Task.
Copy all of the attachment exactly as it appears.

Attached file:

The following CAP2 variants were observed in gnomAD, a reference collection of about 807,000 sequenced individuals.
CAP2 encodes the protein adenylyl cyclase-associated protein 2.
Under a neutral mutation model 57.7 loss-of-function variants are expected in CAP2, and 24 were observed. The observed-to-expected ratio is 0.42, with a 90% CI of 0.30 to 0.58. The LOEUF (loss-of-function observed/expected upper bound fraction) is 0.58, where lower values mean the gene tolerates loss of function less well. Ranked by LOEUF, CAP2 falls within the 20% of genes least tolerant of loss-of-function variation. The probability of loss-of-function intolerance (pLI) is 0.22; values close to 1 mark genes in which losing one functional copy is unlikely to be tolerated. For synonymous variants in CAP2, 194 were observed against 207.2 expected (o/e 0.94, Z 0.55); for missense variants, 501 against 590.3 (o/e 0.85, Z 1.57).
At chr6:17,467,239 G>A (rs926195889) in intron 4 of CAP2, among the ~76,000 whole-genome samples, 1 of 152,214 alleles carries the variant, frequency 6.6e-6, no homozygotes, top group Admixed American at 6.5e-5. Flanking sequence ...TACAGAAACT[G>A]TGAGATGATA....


The following CAP2 variants were observed in gnomAD, a reference collection of about 807,000 sequenced individuals.
CAP2 encodes the protein adenylyl cyclase-associated protein 2.
Under a neutral mutation model 57.7 loss-of-function variants are expected in CAP2, and 24 were observed. The observed-to-expected ratio is 0.42, with a 90% CI of 0.30 to 0.58. The LOEUF (loss-of-function observed/expected upper bound fraction) is 0.58, where lower values mean the gene tolerates loss of function less well. Ranked by LOEUF, CAP2 falls within the 20% of genes least tolerant of loss-of-function variation. The probability of loss-of-function intolerance (pLI) is 0.22; values close to 1 mark genes in which losing one functional copy is unlikely to be tolerated. For synonymous variants in CAP2, 194 were observed against 207.2 expected (o/e 0.94, Z 0.55); for missense variants, 501 against 590.3 (o/e 0.85, Z 1.57).
At chr6:17,467,239 G>A (rs926195889) in intron 4 of CAP2, among the ~76,000 whole-genome samples, 1 of 152,214 alleles carries the variant, frequency 6.6e-6, no homozygotes, top group Admixed American at 6.5e-5. Flanking sequence ...TACAGAAACT[G>A]TGAGATGATA....